This has long been a question for Brandon Ballengee, a visual artist, biologist and environmental educator based in Louisiana, whose many art installations have been inspired by his ecological field and laboratory work.

Initially, Ballengee wanted to use silhouettes to show something as there but disappearing. But while experimenting with blacking out extinct animals in old nature magazines, he recalled that Robert Rauschenberg once created a work that was an erased de Kooning drawing. So, rather than erase extinct animals from books, he began to cut them out with an Exacto knife (as long as there were multiple copies of the book).

This led to the creation of his installation, “Framework of Absence.” Ballengee created the works from real historic artifacts that were around while the animal was fading into extinction. After the animal was excised from its source, the depiction was burned and the ashes were placed into black glass funerary urns etched with the names of the lost species.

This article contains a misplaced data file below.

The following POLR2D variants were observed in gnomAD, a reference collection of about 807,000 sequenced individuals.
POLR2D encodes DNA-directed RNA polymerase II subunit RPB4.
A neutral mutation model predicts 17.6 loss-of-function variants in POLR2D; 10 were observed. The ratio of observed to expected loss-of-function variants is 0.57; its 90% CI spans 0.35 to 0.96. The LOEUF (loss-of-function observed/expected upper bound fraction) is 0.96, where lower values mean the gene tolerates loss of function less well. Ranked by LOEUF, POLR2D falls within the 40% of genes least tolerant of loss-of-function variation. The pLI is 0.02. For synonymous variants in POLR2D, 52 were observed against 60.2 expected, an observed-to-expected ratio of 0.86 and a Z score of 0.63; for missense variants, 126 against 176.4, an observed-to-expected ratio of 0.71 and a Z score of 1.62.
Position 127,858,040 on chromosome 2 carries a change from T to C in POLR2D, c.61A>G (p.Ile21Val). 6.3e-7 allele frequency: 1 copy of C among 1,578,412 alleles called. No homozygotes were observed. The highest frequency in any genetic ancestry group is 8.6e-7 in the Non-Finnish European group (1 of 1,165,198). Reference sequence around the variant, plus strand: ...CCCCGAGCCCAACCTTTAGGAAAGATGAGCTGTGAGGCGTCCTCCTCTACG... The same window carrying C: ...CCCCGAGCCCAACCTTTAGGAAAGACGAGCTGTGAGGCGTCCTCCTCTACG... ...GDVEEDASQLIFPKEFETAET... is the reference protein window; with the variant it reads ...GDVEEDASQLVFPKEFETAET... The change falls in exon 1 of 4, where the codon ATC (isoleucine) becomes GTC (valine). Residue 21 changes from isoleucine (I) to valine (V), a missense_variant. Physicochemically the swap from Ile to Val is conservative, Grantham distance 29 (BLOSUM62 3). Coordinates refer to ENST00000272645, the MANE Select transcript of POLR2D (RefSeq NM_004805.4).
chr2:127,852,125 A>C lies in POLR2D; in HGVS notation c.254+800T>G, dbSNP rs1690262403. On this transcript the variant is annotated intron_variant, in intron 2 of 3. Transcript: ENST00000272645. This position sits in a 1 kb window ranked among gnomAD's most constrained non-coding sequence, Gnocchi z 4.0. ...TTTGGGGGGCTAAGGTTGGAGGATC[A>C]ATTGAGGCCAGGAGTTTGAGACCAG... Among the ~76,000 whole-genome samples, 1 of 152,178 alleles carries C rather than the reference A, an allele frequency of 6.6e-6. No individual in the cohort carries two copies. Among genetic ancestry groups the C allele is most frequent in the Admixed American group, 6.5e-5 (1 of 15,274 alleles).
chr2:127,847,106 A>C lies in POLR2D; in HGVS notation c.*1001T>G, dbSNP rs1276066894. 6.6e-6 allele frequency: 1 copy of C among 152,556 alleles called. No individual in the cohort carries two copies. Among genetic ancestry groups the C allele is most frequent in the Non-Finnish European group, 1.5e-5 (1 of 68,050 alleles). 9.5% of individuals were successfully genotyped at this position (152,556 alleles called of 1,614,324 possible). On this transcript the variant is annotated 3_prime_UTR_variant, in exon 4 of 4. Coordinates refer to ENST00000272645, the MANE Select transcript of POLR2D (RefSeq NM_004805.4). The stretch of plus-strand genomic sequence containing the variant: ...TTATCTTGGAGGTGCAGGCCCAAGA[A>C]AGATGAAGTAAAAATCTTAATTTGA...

At installations, viewers were asked to scatter the ashes, an act that Ballengee hoped would connect participants to the lost species and help prevent further extinctions.

A few examples show the power of the exhibit. Here is the Great Auk, missing from the North Atlantic:

2008Ð9. Extinct by the late 19th Century. Artist-cut print from the Bowen Editions Royal Octavo Birds (1840Ð71). Eighth edition printed and hand-colored in 1871 (just prior to plates being burned in warehouse fire). 6 3/4 x 10 3/8 inches. Photography by David W. Coulter.